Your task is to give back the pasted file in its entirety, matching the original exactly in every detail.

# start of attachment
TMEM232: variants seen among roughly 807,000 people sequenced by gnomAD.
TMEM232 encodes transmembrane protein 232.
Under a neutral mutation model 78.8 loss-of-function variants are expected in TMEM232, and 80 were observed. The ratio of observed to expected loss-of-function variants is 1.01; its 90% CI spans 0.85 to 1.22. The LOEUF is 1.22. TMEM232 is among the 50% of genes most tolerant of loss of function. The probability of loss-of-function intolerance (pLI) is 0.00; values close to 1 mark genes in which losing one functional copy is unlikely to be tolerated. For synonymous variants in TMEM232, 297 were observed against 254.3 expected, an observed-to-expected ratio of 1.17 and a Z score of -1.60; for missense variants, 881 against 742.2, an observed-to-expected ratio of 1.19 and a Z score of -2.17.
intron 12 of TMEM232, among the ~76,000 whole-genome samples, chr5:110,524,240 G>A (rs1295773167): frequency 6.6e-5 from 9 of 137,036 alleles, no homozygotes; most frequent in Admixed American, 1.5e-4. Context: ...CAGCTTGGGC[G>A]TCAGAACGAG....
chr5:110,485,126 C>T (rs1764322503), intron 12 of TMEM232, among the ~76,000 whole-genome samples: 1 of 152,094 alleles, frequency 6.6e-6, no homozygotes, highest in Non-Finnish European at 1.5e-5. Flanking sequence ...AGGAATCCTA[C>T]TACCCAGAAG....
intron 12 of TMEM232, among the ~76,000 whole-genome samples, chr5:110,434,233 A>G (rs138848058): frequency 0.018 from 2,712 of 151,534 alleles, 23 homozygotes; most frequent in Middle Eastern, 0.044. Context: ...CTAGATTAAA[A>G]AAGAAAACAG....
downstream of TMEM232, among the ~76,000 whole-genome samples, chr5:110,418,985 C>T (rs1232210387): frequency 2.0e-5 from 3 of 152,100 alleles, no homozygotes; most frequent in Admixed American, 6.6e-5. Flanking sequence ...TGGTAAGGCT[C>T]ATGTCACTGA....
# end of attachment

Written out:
TMEM232: variants seen among roughly 807,000 people sequenced by gnomAD.
TMEM232 encodes transmembrane protein 232.
Under a neutral mutation model 78.8 loss-of-function variants are expected in TMEM232, and 80 were observed. The ratio of observed to expected loss-of-function variants is 1.01; its 90% CI spans 0.85 to 1.22. The LOEUF is 1.22. TMEM232 is among the 50% of genes most tolerant of loss of function. The probability of loss-of-function intolerance (pLI) is 0.00; values close to 1 mark genes in which losing one functional copy is unlikely to be tolerated. For synonymous variants in TMEM232, 297 were observed against 254.3 expected, an observed-to-expected ratio of 1.17 and a Z score of -1.60; for missense variants, 881 against 742.2, an observed-to-expected ratio of 1.19 and a Z score of -2.17.
intron 12 of TMEM232, among the ~76,000 whole-genome samples, chr5:110,524,240 G>A (rs1295773167): frequency 6.6e-5 from 9 of 137,036 alleles, no homozygotes; most frequent in Admixed American, 1.5e-4. Context: ...CAGCTTGGGC[G>A]TCAGAACGAG....
chr5:110,485,126 C>T (rs1764322503), intron 12 of TMEM232, among the ~76,000 whole-genome samples: 1 of 152,094 alleles, frequency 6.6e-6, no homozygotes, highest in Non-Finnish European at 1.5e-5. Flanking sequence ...AGGAATCCTA[C>T]TACCCAGAAG....
intron 12 of TMEM232, among the ~76,000 whole-genome samples, chr5:110,434,233 A>G (rs138848058): frequency 0.018 from 2,712 of 151,534 alleles, 23 homozygotes; most frequent in Middle Eastern, 0.044. Context: ...CTAGATTAAA[A>G]AAGAAAACAG....
downstream of TMEM232, among the ~76,000 whole-genome samples, chr5:110,418,985 C>T (rs1232210387): frequency 2.0e-5 from 3 of 152,100 alleles, no homozygotes; most frequent in Admixed American, 6.6e-5. Flanking sequence ...TGGTAAGGCT[C>T]ATGTCACTGA....